Russia and Ukraine have reportedly drawn up a 15-point peace deal that would bring a ceasefire and the withdrawal of Russian troops – in return for commitments from Kyiv to become a “neutral” country and accept limits on the size of its army.
The deal would allow Ukraine to keep a standing army, but prevent it from ever joining Nato or hosting foreign military bases, sources familiar with the negotiations told the Financial Times.
A similar 1955 pledge convinced the Soviet Union to end the decade-long occupation of Austria after the Second World War.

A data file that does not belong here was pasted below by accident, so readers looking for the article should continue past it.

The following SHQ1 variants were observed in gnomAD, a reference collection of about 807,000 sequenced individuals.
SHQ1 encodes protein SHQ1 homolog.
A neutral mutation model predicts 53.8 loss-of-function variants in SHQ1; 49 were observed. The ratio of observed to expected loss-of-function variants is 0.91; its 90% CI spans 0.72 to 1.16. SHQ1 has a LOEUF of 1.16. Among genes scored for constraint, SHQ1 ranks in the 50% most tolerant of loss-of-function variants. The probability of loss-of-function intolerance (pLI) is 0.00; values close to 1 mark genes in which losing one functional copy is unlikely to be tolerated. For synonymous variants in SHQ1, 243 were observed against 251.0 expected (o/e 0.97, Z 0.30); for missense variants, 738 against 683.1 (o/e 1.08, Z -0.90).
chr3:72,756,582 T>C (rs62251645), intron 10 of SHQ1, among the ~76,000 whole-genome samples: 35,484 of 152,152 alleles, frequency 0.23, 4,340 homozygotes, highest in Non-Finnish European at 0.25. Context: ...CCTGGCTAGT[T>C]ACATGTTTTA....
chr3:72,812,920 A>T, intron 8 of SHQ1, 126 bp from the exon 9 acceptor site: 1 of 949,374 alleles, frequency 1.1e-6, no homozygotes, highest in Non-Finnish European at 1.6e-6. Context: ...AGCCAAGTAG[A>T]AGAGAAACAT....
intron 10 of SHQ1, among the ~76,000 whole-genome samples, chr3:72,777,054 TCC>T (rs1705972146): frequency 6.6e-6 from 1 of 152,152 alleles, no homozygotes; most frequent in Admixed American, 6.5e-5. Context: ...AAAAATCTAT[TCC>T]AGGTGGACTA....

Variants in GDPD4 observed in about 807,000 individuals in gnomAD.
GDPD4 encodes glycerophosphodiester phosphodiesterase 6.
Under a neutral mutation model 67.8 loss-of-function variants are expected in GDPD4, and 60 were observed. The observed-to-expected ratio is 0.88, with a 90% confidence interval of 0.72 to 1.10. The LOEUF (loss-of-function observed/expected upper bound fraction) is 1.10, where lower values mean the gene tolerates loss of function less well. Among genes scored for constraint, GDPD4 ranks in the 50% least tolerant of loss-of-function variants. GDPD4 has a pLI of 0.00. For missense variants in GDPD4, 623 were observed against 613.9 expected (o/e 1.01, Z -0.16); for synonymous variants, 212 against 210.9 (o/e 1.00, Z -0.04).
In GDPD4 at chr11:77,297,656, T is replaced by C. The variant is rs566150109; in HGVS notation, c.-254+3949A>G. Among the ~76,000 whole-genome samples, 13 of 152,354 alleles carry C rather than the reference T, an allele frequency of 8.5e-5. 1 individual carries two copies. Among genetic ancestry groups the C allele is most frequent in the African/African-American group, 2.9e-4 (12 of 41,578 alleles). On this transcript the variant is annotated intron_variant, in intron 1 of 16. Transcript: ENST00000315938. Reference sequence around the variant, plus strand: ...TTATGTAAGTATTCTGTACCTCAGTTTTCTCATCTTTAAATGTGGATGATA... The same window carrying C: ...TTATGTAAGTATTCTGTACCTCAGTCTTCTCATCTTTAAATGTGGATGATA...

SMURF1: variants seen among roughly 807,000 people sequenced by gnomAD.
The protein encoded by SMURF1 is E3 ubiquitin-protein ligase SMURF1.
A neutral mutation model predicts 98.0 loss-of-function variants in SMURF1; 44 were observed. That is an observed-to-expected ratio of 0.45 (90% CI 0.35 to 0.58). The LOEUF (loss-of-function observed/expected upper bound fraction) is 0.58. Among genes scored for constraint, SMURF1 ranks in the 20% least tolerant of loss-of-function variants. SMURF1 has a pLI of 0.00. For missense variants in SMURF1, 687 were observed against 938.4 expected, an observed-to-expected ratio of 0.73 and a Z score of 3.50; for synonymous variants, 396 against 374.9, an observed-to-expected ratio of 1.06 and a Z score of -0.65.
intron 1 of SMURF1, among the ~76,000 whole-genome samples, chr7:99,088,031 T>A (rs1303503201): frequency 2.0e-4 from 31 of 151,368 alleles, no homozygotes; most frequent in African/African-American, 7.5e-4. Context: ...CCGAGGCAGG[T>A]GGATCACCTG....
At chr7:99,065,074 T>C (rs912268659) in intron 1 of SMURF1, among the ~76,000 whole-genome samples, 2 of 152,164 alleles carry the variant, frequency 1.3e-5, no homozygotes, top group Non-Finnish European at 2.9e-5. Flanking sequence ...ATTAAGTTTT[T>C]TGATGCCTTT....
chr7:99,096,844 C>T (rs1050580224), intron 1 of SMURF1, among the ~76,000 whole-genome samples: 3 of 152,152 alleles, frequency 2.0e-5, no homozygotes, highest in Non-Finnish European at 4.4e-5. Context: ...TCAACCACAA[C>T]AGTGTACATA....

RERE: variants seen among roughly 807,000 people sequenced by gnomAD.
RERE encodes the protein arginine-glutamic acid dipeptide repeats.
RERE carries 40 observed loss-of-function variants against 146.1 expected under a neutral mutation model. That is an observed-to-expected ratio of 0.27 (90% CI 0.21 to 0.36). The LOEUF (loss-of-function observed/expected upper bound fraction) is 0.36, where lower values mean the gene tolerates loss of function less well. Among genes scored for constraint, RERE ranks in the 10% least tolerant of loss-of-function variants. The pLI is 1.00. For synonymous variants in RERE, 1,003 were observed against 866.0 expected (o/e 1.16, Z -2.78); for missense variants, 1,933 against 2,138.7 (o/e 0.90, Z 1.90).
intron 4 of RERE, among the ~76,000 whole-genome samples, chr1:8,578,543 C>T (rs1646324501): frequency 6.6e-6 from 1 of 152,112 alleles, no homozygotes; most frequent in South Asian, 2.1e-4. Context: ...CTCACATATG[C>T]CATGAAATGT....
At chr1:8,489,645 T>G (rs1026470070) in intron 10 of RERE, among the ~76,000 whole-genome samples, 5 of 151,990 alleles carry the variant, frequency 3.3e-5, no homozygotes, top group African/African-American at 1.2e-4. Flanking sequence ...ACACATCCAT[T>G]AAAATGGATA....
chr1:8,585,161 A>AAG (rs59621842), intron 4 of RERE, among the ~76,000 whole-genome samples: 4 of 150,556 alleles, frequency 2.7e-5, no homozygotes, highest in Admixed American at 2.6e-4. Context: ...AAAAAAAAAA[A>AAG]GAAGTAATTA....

Austria declared itself permanently neutral that year, leading to the Soviet Union agreeing to an end to its occupation. It promised not to join any military alliance, such as Nato, and to never host foreign military bases on its soil.
The compromise has the potential to meet one of Vladimir Putin’s key demands: that Ukraine never joins Nato. However, other Russian demands will prove hugely problematic for Kyiv.
Russian and Ukrainian negotiators were considering a plan involving a constitutional commitment to neutrality, the Kremlin said on a third day of heavy shelling of Ukrainian cities.